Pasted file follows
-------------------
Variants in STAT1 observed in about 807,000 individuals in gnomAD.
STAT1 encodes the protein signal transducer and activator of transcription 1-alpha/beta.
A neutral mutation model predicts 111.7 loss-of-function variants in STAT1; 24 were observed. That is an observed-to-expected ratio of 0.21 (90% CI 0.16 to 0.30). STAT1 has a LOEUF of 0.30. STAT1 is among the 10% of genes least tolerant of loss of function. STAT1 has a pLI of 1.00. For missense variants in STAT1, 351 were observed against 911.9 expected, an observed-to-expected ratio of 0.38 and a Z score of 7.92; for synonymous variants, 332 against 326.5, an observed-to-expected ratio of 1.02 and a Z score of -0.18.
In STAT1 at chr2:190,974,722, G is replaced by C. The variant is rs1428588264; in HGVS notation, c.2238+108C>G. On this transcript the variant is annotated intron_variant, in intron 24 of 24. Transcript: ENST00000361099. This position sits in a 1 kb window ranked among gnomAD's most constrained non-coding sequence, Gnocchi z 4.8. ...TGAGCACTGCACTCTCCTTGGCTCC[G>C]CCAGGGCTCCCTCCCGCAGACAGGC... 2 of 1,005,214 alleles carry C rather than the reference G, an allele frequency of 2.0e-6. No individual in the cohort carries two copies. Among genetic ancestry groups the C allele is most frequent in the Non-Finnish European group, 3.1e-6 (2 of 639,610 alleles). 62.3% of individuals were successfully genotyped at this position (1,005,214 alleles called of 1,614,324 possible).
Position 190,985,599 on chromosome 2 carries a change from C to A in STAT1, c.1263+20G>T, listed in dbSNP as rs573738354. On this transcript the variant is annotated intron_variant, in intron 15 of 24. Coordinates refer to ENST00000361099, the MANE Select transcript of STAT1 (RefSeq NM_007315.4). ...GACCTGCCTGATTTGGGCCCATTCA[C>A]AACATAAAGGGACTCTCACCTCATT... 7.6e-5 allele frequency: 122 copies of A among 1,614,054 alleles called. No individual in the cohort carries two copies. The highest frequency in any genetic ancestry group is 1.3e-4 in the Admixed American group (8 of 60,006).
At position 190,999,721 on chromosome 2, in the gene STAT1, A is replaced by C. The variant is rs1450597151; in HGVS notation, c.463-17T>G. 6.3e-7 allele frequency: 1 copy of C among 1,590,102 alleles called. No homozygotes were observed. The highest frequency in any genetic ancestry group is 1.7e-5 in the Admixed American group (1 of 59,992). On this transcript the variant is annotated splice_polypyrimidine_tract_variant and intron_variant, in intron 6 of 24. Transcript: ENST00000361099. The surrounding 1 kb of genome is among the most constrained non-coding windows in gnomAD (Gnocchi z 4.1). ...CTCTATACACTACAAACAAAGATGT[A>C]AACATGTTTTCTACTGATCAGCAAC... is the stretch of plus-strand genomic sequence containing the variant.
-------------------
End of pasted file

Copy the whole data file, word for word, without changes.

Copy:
Variants in STAT1 observed in about 807,000 individuals in gnomAD.
STAT1 encodes the protein signal transducer and activator of transcription 1-alpha/beta.
A neutral mutation model predicts 111.7 loss-of-function variants in STAT1; 24 were observed. That is an observed-to-expected ratio of 0.21 (90% CI 0.16 to 0.30). STAT1 has a LOEUF of 0.30. STAT1 is among the 10% of genes least tolerant of loss of function. STAT1 has a pLI of 1.00. For missense variants in STAT1, 351 were observed against 911.9 expected, an observed-to-expected ratio of 0.38 and a Z score of 7.92; for synonymous variants, 332 against 326.5, an observed-to-expected ratio of 1.02 and a Z score of -0.18.
In STAT1 at chr2:190,974,722, G is replaced by C. The variant is rs1428588264; in HGVS notation, c.2238+108C>G. On this transcript the variant is annotated intron_variant, in intron 24 of 24. Transcript: ENST00000361099. This position sits in a 1 kb window ranked among gnomAD's most constrained non-coding sequence, Gnocchi z 4.8. ...TGAGCACTGCACTCTCCTTGGCTCC[G>C]CCAGGGCTCCCTCCCGCAGACAGGC... 2 of 1,005,214 alleles carry C rather than the reference G, an allele frequency of 2.0e-6. No individual in the cohort carries two copies. Among genetic ancestry groups the C allele is most frequent in the Non-Finnish European group, 3.1e-6 (2 of 639,610 alleles). 62.3% of individuals were successfully genotyped at this position (1,005,214 alleles called of 1,614,324 possible).
Position 190,985,599 on chromosome 2 carries a change from C to A in STAT1, c.1263+20G>T, listed in dbSNP as rs573738354. On this transcript the variant is annotated intron_variant, in intron 15 of 24. Coordinates refer to ENST00000361099, the MANE Select transcript of STAT1 (RefSeq NM_007315.4). ...GACCTGCCTGATTTGGGCCCATTCA[C>A]AACATAAAGGGACTCTCACCTCATT... 7.6e-5 allele frequency: 122 copies of A among 1,614,054 alleles called. No individual in the cohort carries two copies. The highest frequency in any genetic ancestry group is 1.3e-4 in the Admixed American group (8 of 60,006).
At position 190,999,721 on chromosome 2, in the gene STAT1, A is replaced by C. The variant is rs1450597151; in HGVS notation, c.463-17T>G. 6.3e-7 allele frequency: 1 copy of C among 1,590,102 alleles called. No homozygotes were observed. The highest frequency in any genetic ancestry group is 1.7e-5 in the Admixed American group (1 of 59,992). On this transcript the variant is annotated splice_polypyrimidine_tract_variant and intron_variant, in intron 6 of 24. Transcript: ENST00000361099. The surrounding 1 kb of genome is among the most constrained non-coding windows in gnomAD (Gnocchi z 4.1). ...CTCTATACACTACAAACAAAGATGT[A>C]AACATGTTTTCTACTGATCAGCAAC... is the stretch of plus-strand genomic sequence containing the variant.